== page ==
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Home Prices: They're Not Quite What They Seem

I put a theory out in yesterday's blog, something of a prediction, that despite a steep drop in home sales, home prices could actually rise due to the makeup of what is and is not selling. Today's numbers prove that theory. Despite a catastrophic collapse in home sales, home prices remained stable and actually added 0.7 percent year over year.

It's not true stabilization because of the mix factor. Take a look at a breakdown of what sold in what price range:

As you go from the $100,000 range on up, ($100,000 and below are likely mostly foreclosures) you see the sales drop moderate with each rising range; when you get to $1 million+ the sales numbers are actually up. Sales distribution consequently moved in July, with the percentage of homes in the $500,000+ range growing in share, and those under $500,000 losing share from June.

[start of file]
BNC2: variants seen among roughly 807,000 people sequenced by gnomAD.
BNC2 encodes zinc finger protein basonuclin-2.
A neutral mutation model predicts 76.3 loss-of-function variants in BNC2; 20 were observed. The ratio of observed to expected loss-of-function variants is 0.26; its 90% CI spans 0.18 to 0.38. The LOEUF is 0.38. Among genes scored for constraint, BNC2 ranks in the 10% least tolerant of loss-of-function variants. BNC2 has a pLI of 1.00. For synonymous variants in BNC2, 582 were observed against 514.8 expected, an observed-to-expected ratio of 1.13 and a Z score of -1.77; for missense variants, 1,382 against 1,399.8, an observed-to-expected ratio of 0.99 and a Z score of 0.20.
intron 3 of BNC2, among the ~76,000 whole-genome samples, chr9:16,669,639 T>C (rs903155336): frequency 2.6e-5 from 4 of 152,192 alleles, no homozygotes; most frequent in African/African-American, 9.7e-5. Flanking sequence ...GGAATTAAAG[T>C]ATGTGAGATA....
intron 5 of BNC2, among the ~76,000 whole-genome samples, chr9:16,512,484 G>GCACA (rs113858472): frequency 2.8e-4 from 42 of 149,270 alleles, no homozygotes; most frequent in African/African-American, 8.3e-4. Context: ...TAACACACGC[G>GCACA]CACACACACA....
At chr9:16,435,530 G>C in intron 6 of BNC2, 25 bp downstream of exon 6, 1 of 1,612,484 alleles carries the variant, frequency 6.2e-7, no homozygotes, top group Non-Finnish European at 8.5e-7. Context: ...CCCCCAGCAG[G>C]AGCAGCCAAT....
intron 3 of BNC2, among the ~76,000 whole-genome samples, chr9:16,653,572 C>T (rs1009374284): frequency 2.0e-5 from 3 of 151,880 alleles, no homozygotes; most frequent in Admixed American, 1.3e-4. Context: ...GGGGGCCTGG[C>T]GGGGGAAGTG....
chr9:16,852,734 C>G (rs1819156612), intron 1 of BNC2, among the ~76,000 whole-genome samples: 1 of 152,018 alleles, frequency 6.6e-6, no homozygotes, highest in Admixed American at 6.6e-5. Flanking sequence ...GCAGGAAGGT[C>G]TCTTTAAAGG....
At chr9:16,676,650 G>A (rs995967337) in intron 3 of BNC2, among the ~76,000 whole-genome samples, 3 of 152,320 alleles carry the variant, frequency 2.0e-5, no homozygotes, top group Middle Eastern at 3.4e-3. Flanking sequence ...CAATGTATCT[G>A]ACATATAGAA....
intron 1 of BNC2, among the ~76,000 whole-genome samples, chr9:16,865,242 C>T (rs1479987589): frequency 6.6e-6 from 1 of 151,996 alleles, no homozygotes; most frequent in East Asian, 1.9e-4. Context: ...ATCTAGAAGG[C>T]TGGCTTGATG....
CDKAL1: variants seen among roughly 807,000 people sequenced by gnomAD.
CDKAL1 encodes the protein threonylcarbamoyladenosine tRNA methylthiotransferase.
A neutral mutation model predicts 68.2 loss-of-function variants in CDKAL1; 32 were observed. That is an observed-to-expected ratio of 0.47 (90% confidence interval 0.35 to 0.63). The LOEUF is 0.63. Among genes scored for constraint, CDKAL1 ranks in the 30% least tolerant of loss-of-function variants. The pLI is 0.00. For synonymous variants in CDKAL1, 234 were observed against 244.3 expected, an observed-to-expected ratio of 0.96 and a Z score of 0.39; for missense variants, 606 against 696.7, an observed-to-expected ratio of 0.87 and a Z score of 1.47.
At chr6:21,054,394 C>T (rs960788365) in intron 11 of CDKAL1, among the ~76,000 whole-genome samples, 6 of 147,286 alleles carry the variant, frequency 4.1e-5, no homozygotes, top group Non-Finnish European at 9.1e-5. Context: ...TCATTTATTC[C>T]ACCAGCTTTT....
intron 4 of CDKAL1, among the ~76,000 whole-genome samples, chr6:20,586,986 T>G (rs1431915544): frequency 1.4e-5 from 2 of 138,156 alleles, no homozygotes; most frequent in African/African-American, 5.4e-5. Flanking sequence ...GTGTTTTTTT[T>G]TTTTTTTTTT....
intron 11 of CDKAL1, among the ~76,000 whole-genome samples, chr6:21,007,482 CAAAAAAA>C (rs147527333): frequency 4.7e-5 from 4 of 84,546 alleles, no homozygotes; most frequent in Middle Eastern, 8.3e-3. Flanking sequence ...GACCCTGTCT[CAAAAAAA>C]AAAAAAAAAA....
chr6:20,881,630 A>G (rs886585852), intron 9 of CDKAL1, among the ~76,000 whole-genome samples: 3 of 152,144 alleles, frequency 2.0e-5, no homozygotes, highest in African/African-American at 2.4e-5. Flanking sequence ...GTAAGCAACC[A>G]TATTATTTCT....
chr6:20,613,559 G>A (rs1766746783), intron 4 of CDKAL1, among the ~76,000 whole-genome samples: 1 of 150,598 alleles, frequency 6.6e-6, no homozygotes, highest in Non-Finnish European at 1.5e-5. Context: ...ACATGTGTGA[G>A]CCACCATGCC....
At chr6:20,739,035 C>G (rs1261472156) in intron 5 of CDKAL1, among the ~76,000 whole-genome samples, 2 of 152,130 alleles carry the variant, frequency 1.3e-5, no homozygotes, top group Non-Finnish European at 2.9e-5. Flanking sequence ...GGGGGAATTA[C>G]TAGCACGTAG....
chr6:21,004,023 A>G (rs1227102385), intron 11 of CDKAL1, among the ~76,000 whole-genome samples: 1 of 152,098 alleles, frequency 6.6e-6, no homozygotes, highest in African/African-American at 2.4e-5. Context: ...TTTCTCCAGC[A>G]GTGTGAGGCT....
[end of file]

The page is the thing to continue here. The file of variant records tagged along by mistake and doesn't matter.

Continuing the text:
So yes, home prices rose ever so slightly, but also artificially.

"We need to be cautious about how we read the data," admits the Realtors' chief economist Lawrence Yun. "Because the buyers who left the market in the latest round are typical first-time buyers, but people who continue to stay in the market (are) people ... buying higher-priced homes."

With the supply of homes at a record 12.5 months, job growth at a crawl and confidence in the housing market way way down, prices will be under some tough pressure going forward.

Questions? Comments? RealtyCheck@cnbc.com

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  • Diana Olick serves as CNBC's real estate correspondent as well as the editor of the Realty Check section on CNBC.com.

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